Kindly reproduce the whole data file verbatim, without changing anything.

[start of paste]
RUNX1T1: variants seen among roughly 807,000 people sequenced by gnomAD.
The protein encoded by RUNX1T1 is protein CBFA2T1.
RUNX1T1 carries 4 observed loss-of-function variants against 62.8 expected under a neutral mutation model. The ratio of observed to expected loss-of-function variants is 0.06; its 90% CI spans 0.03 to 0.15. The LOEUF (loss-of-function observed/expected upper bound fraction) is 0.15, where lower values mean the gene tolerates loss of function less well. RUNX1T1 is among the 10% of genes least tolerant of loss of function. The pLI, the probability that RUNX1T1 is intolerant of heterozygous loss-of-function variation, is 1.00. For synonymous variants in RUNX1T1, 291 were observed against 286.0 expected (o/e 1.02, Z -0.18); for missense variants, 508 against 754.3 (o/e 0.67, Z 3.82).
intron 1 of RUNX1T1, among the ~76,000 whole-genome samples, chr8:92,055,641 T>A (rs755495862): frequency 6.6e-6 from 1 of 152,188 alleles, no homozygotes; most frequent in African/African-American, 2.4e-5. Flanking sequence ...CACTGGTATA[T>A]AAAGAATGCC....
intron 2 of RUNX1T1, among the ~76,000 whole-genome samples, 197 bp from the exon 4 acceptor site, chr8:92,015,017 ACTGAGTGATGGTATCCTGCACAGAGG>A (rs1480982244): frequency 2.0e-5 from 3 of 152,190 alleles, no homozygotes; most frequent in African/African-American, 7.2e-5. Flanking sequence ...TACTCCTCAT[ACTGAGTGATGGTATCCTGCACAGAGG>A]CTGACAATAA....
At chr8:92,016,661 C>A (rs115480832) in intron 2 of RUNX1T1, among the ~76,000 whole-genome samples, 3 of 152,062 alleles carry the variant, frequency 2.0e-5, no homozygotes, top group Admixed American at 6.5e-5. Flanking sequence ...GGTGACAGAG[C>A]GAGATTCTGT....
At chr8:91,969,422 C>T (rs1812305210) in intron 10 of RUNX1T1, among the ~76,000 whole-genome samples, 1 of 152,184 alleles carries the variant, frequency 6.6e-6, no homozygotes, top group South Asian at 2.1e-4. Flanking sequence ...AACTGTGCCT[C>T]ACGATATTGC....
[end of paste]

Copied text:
RUNX1T1: variants seen among roughly 807,000 people sequenced by gnomAD.
The protein encoded by RUNX1T1 is protein CBFA2T1.
RUNX1T1 carries 4 observed loss-of-function variants against 62.8 expected under a neutral mutation model. The ratio of observed to expected loss-of-function variants is 0.06; its 90% CI spans 0.03 to 0.15. The LOEUF (loss-of-function observed/expected upper bound fraction) is 0.15, where lower values mean the gene tolerates loss of function less well. RUNX1T1 is among the 10% of genes least tolerant of loss of function. The pLI, the probability that RUNX1T1 is intolerant of heterozygous loss-of-function variation, is 1.00. For synonymous variants in RUNX1T1, 291 were observed against 286.0 expected (o/e 1.02, Z -0.18); for missense variants, 508 against 754.3 (o/e 0.67, Z 3.82).
intron 1 of RUNX1T1, among the ~76,000 whole-genome samples, chr8:92,055,641 T>A (rs755495862): frequency 6.6e-6 from 1 of 152,188 alleles, no homozygotes; most frequent in African/African-American, 2.4e-5. Flanking sequence ...CACTGGTATA[T>A]AAAGAATGCC....
intron 2 of RUNX1T1, among the ~76,000 whole-genome samples, 197 bp from the exon 4 acceptor site, chr8:92,015,017 ACTGAGTGATGGTATCCTGCACAGAGG>A (rs1480982244): frequency 2.0e-5 from 3 of 152,190 alleles, no homozygotes; most frequent in African/African-American, 7.2e-5. Flanking sequence ...TACTCCTCAT[ACTGAGTGATGGTATCCTGCACAGAGG>A]CTGACAATAA....
At chr8:92,016,661 C>A (rs115480832) in intron 2 of RUNX1T1, among the ~76,000 whole-genome samples, 3 of 152,062 alleles carry the variant, frequency 2.0e-5, no homozygotes, top group Admixed American at 6.5e-5. Flanking sequence ...GGTGACAGAG[C>A]GAGATTCTGT....
At chr8:91,969,422 C>T (rs1812305210) in intron 10 of RUNX1T1, among the ~76,000 whole-genome samples, 1 of 152,184 alleles carries the variant, frequency 6.6e-6, no homozygotes, top group South Asian at 2.1e-4. Flanking sequence ...AACTGTGCCT[C>T]ACGATATTGC....